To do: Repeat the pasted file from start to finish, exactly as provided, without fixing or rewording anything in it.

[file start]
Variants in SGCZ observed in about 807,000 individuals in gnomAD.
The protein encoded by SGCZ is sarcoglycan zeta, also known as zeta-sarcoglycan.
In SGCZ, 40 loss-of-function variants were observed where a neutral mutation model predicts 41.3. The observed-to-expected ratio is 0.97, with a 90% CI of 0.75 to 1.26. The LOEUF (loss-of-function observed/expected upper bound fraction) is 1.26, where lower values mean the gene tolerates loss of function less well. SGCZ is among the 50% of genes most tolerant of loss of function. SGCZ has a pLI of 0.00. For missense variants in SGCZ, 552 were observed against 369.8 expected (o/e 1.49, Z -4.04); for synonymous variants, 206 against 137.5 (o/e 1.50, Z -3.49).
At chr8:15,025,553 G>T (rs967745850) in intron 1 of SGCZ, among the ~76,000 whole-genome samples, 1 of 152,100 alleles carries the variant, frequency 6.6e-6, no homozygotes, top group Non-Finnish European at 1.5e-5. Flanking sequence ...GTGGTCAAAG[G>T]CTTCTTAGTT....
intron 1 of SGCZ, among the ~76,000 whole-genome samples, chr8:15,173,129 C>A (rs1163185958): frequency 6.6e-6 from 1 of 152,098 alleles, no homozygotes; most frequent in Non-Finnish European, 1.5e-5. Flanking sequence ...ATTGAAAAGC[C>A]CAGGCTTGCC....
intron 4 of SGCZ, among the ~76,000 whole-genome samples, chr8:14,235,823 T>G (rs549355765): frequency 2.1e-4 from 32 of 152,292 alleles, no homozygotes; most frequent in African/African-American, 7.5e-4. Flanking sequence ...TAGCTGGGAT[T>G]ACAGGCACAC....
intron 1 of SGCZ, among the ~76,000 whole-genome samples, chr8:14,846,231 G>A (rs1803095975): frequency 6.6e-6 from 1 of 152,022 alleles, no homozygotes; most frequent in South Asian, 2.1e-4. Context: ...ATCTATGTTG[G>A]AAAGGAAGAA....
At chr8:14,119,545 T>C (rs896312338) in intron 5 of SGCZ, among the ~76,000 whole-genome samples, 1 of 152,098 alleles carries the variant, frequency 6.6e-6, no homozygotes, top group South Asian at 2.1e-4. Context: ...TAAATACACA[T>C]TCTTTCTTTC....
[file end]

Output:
Variants in SGCZ observed in about 807,000 individuals in gnomAD.
The protein encoded by SGCZ is sarcoglycan zeta, also known as zeta-sarcoglycan.
In SGCZ, 40 loss-of-function variants were observed where a neutral mutation model predicts 41.3. The observed-to-expected ratio is 0.97, with a 90% CI of 0.75 to 1.26. The LOEUF (loss-of-function observed/expected upper bound fraction) is 1.26, where lower values mean the gene tolerates loss of function less well. SGCZ is among the 50% of genes most tolerant of loss of function. SGCZ has a pLI of 0.00. For missense variants in SGCZ, 552 were observed against 369.8 expected (o/e 1.49, Z -4.04); for synonymous variants, 206 against 137.5 (o/e 1.50, Z -3.49).
At chr8:15,025,553 G>T (rs967745850) in intron 1 of SGCZ, among the ~76,000 whole-genome samples, 1 of 152,100 alleles carries the variant, frequency 6.6e-6, no homozygotes, top group Non-Finnish European at 1.5e-5. Flanking sequence ...GTGGTCAAAG[G>T]CTTCTTAGTT....
intron 1 of SGCZ, among the ~76,000 whole-genome samples, chr8:15,173,129 C>A (rs1163185958): frequency 6.6e-6 from 1 of 152,098 alleles, no homozygotes; most frequent in Non-Finnish European, 1.5e-5. Flanking sequence ...ATTGAAAAGC[C>A]CAGGCTTGCC....
intron 4 of SGCZ, among the ~76,000 whole-genome samples, chr8:14,235,823 T>G (rs549355765): frequency 2.1e-4 from 32 of 152,292 alleles, no homozygotes; most frequent in African/African-American, 7.5e-4. Flanking sequence ...TAGCTGGGAT[T>G]ACAGGCACAC....
intron 1 of SGCZ, among the ~76,000 whole-genome samples, chr8:14,846,231 G>A (rs1803095975): frequency 6.6e-6 from 1 of 152,022 alleles, no homozygotes; most frequent in South Asian, 2.1e-4. Context: ...ATCTATGTTG[G>A]AAAGGAAGAA....
At chr8:14,119,545 T>C (rs896312338) in intron 5 of SGCZ, among the ~76,000 whole-genome samples, 1 of 152,098 alleles carries the variant, frequency 6.6e-6, no homozygotes, top group South Asian at 2.1e-4. Context: ...TAAATACACA[T>C]TCTTTCTTTC....